That’s when I realized I should share what it’s taken me to get this far— 21 Days into to this 100 Day Deal. Since I log my time for client projects; I’ve gotten very used to doing it, and find it keeps me grounded, as I work on my Book Launch and Course Launch in parallel. They say you get what you measure for, so I’m taking “them” at their word!

So, here’s a handy little chart to show the time it really took to dream up the concept, design & write the content, format it to post, and publicize on social media. It includes time spent getting a few attendant tools in place, like new teleprompter software, a new graphic design platform, and switching the ESP (email service provider) for my opt-in forms and tracking. I’ve dedicated 107.50 hours to date, not counting writing this post.

While 107.50 hours might seem like a lot in 5 weeks, it averages out to 3.03 hours per post, which is not bad at all for generating all new original content, start to finish. Of course you can see that some weeks I did far less on this project, working on other launch projects instead. But the ebb and flow factor is to be expected in any creative endeavor.

Are there any shortcuts to spending this much time on a Launch?

Of course there are:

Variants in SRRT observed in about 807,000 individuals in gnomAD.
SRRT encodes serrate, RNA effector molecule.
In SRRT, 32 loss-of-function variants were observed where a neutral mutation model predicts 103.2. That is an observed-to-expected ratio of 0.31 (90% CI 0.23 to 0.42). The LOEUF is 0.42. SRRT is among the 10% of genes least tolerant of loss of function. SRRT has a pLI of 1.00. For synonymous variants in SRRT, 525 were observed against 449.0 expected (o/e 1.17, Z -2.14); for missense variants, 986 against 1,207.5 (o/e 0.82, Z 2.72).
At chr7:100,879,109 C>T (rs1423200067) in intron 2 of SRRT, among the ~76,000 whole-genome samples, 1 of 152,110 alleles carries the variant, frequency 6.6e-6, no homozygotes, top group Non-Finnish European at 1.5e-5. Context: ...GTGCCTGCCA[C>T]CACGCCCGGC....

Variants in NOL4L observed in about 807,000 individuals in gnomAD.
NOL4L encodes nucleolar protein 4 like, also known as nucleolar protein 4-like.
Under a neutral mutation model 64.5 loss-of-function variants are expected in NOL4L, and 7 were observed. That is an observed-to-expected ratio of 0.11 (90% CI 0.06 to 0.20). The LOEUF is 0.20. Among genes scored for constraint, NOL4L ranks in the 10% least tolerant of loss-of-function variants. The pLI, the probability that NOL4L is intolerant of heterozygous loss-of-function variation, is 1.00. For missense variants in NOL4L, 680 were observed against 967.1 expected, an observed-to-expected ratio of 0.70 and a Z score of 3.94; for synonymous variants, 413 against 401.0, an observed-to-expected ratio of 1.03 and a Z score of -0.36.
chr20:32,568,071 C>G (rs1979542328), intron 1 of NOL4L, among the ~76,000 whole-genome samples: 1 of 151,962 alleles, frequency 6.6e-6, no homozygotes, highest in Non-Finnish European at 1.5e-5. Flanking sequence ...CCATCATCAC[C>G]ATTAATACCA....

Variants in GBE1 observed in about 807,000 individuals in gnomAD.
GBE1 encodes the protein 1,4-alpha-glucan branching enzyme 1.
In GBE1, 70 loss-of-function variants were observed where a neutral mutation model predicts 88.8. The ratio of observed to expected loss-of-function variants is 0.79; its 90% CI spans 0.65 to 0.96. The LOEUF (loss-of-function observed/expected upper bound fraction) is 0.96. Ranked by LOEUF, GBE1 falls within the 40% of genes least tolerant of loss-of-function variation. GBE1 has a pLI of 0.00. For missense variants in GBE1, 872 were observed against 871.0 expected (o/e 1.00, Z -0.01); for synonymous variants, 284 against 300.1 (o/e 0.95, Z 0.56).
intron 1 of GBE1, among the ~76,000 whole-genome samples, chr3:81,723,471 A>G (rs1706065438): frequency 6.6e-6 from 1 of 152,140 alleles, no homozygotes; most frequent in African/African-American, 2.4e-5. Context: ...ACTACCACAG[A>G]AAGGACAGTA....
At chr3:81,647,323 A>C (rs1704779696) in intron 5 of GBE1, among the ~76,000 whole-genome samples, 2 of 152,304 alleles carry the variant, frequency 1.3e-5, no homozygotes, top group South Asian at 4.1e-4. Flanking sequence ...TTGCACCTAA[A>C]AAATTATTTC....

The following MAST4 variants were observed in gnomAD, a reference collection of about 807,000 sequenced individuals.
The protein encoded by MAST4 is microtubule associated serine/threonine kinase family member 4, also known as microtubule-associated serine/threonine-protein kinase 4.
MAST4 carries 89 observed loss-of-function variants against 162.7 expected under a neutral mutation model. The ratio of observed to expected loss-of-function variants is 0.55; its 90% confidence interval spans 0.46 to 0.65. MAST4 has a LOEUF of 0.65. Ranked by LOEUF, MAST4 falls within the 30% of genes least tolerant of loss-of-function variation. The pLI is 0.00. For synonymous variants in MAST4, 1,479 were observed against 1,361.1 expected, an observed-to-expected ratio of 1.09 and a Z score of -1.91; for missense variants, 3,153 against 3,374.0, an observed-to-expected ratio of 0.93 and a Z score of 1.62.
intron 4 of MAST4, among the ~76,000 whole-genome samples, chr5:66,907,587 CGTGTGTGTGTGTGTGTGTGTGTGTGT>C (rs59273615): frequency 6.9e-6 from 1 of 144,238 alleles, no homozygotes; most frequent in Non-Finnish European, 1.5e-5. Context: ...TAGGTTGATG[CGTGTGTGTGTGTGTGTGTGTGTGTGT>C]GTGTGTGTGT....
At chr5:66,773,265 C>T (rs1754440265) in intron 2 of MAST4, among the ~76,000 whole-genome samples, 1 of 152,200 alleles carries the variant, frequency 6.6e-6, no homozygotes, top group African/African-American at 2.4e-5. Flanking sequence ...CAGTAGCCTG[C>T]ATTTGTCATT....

1. Pay vendors or staffers to take on specific tasks that you won’t, or can’t, do yourself. This takes less time but more money.
  2. Enroll volunteers with the desired skill sets who are dedicated to your cause. This requites flexibility and clarity about their availability and commitment levels.
  3. Just say no and buy yourself a ticket for a summer vacation. Just kidding. You know you want to Launch!

There are 2 absolutely essential supports to put in place. While they may not look like shortcuts; secretly, they actually are. Why? Because they will keep you from getting derailed.

(A) Make a schedule. No way you can do it without this and stay sane. Whether its a calendar, a spreadsheet, a treasure map, or a whiteboard, you MUST have something with tasks and dates listed to keep you sane. No matter how much you think your head can hold, fuh-ged-about it. You WILL forget, and you will get muddled; and not too far along in the process. Tasks get sidetracked, delays trip you up, and life tries to blindside you. Expect it and use your schedule to keep yourself sane, tapping into your best commonsense as you go.

(B) Get a support gang. I have several. I’ve got my personal cheering squad. Lifesavers in those scary moments when I lose confidence that I can ever do this. I also have my peeps in the courses I am taking to keep me on track. We’re in private Facebook groups, and wow does that come in handy to keep us all moving forward, not with pressure, but with empathy and appreciation, even though IRL we’ve never met. Or, you can put together a Mastermind of Equals. I’ve done that, many a time. I just caution you to set an end-date for the Mastermind commitment. even a renewable end-date, for clarity, focus and a dignified exit option.

• • •

So there you have it, this week’s Diary for left and right brain aficionados. Until next time! Chirp, Whoo and Bzzzz.

Cheers!

— Diane A. Curran